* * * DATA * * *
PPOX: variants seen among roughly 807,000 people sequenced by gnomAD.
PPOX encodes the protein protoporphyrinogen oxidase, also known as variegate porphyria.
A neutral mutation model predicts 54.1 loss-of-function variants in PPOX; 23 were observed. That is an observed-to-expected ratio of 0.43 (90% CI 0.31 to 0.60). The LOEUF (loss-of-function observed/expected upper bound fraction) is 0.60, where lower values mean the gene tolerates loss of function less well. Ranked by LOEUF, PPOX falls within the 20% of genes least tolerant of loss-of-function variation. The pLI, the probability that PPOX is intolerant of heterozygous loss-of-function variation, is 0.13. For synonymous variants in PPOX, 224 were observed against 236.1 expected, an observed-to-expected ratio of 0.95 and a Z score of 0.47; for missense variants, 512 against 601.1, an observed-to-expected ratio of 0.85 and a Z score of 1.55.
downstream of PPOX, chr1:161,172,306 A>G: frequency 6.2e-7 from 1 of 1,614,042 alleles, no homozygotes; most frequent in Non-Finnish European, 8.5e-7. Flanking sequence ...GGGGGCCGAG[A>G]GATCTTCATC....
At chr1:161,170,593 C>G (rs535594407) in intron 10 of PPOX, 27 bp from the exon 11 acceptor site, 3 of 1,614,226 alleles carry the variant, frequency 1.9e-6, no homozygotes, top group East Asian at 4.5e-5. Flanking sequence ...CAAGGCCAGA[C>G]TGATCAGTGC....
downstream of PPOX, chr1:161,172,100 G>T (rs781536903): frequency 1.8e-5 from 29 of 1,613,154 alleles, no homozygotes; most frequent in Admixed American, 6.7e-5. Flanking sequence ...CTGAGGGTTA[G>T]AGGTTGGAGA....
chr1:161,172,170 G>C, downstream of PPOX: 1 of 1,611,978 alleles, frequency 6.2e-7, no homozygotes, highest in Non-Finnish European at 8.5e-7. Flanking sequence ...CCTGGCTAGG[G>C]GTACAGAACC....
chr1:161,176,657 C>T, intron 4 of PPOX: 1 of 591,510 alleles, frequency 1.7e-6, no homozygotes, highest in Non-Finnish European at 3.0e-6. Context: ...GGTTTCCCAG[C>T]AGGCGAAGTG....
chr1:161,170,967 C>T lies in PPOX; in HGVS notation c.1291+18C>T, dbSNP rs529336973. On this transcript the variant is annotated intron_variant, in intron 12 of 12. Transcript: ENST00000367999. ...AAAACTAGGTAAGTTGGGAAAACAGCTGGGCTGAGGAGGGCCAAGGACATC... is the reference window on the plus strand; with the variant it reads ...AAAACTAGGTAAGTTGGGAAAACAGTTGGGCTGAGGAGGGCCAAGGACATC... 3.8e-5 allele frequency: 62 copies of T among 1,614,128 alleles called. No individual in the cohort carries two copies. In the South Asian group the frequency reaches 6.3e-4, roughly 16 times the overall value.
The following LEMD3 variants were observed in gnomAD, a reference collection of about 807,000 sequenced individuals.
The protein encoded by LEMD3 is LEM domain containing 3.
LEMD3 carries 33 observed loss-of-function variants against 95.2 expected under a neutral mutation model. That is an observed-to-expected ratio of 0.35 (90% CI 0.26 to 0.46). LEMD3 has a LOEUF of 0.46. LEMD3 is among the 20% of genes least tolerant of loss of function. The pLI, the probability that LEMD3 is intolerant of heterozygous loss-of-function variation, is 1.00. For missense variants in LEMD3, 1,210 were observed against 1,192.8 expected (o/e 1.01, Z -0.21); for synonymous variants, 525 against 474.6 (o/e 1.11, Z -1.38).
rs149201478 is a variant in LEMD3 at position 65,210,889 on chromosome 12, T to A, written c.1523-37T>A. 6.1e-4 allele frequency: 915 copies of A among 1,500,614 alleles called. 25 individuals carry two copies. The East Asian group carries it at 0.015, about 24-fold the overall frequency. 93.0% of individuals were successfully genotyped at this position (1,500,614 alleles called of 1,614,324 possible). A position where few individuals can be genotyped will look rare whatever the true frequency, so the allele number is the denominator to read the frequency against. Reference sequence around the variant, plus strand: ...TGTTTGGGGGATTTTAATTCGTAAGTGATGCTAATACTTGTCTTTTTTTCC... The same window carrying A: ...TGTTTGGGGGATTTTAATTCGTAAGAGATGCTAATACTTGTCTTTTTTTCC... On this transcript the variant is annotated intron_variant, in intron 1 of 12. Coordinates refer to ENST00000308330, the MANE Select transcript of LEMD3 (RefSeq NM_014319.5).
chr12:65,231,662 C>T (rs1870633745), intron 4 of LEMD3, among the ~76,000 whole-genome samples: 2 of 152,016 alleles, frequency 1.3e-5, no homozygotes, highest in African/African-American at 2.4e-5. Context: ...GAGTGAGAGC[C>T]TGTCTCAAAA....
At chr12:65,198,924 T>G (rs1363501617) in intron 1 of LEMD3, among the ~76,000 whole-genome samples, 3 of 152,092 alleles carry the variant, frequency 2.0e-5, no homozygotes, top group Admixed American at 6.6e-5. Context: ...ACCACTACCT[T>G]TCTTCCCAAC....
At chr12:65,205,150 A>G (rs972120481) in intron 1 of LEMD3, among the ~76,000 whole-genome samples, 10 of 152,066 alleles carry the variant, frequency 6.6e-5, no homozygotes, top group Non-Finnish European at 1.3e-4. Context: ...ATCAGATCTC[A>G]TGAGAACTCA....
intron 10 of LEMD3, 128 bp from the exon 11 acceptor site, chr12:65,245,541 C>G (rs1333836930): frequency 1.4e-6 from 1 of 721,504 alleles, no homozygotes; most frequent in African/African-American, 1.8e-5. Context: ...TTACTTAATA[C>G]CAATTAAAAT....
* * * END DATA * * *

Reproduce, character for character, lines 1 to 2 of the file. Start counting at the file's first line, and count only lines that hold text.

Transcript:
PPOX: variants seen among roughly 807,000 people sequenced by gnomAD.
PPOX encodes the protein protoporphyrinogen oxidase, also known as variegate porphyria.